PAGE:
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DAVID WILLIAM BONE
David William Bone (1874-1958) was a captain and a writer known for his stories of the sea. Born in Patrick, Scotland, Bone first went to sea while still a teenager. He commanded vessels in the Merchant Navy in both World Wars and passed much of his career with the Anchor Line. Bone's writing often draws on his own seafaring experiences: the story, "The Man-o'-War's 'Er 'Usband," from Merchantmen-at-Arms; The British Merchants' Service in the War (1919), offers an account of the torpedoing of his ship in the Mediterranean during the First World War. After publishing The Brassbounder in 1910, Bone considered leaving his maritime career to write full-time. However, he decided against this when he heard that retiring from the sea was one of Joseph Conrad's greatest regrets. Bone was knighted in 1946.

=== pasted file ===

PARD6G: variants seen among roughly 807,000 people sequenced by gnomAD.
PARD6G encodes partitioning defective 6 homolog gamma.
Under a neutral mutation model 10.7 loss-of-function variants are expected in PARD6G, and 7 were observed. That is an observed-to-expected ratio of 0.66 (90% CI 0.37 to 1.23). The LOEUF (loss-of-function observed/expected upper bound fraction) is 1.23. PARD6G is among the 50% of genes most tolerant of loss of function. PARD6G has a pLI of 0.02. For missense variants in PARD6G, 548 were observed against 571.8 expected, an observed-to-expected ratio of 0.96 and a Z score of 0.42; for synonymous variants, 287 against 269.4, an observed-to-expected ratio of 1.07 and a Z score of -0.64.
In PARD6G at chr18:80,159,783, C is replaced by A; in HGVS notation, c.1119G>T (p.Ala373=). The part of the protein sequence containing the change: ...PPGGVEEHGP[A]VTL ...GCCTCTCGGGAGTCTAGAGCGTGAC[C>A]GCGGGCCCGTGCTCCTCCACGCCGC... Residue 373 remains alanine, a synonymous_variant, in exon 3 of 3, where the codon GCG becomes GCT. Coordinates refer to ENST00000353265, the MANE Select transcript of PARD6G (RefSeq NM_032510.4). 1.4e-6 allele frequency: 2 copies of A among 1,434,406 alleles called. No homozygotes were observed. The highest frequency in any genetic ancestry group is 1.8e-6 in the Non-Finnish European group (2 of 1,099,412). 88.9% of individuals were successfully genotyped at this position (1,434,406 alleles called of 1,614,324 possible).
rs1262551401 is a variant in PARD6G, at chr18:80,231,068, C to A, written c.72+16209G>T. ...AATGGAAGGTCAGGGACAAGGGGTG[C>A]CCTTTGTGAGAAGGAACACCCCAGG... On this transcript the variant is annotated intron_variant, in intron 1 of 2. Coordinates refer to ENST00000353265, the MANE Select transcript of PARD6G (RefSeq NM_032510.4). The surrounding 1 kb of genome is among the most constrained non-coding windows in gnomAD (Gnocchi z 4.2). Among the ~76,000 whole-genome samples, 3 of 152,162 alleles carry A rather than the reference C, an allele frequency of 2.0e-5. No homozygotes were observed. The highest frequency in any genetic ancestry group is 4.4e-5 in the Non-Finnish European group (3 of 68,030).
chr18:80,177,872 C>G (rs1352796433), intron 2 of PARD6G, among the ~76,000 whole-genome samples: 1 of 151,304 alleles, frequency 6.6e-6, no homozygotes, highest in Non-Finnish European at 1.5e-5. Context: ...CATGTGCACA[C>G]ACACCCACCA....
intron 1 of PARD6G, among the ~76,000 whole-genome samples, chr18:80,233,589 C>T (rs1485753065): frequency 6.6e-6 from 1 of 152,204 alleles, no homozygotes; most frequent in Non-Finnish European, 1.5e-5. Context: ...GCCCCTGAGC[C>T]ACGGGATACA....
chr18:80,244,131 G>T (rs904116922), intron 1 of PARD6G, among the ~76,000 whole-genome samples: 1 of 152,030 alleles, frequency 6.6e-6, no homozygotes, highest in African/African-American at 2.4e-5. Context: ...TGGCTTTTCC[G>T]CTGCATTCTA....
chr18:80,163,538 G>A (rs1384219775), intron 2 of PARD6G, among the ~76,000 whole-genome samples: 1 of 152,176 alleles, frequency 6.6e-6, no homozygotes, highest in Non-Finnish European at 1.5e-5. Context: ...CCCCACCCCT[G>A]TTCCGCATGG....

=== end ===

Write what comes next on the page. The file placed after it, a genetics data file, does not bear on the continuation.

An annotated typescript of David William Bone's "The Nomination Cruise," undated
This work weaves a fantastical tale about how Bone's friends, writer Christopher Morley, architect Franklin Abbott, and others surprise the captain by secretly chartering his ship for a two month-long world cruise for members of the Three Hours for Lunch Club and their friends. By the story's end, however, we learn that there is a reason that the details of this surprise cruise seem so grandiose and improbable. Bone's tale paints a light-hearted portrait of the challenges of a life at sea, where brief dockings and busy schedules leave little time for visiting with one's friends.